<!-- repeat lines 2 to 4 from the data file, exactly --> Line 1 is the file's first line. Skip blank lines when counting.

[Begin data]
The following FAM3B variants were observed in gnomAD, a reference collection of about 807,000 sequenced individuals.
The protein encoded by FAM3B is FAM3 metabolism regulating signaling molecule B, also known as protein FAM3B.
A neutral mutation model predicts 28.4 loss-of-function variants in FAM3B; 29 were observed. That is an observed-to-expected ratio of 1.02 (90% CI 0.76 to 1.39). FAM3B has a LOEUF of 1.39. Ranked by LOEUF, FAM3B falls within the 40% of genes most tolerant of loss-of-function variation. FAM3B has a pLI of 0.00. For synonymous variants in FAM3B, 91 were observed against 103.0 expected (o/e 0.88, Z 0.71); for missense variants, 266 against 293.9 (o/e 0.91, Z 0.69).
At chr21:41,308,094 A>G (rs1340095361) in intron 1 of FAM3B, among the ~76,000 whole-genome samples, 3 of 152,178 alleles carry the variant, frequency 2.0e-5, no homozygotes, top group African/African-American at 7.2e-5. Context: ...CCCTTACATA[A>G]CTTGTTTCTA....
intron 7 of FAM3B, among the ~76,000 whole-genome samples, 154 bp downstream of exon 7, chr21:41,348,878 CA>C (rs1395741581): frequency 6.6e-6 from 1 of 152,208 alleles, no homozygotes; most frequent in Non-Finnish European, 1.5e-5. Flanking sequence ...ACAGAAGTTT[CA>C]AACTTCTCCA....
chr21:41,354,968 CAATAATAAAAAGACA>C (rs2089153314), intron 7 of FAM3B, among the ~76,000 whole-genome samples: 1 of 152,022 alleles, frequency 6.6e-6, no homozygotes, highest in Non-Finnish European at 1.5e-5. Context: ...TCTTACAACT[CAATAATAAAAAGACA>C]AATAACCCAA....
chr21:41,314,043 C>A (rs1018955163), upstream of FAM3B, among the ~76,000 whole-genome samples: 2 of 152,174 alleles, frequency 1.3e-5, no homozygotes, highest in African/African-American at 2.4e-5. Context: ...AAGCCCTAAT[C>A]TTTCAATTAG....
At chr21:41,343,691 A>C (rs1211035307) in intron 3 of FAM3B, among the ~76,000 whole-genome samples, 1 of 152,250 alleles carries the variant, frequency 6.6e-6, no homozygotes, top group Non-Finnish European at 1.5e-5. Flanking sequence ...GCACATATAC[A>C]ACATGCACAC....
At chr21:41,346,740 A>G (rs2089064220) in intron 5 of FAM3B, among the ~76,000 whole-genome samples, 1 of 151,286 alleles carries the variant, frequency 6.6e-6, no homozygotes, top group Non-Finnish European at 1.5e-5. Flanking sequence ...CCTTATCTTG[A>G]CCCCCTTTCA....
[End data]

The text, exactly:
The protein encoded by FAM3B is FAM3 metabolism regulating signaling molecule B, also known as protein FAM3B.
A neutral mutation model predicts 28.4 loss-of-function variants in FAM3B; 29 were observed. That is an observed-to-expected ratio of 1.02 (90% CI 0.76 to 1.39). FAM3B has a LOEUF of 1.39. Ranked by LOEUF, FAM3B falls within the 40% of genes most tolerant of loss-of-function variation. FAM3B has a pLI of 0.00. For synonymous variants in FAM3B, 91 were observed against 103.0 expected (o/e 0.88, Z 0.71); for missense variants, 266 against 293.9 (o/e 0.91, Z 0.69).
At chr21:41,308,094 A>G (rs1340095361) in intron 1 of FAM3B, among the ~76,000 whole-genome samples, 3 of 152,178 alleles carry the variant, frequency 2.0e-5, no homozygotes, top group African/African-American at 7.2e-5. Context: ...CCCTTACATA[A>G]CTTGTTTCTA....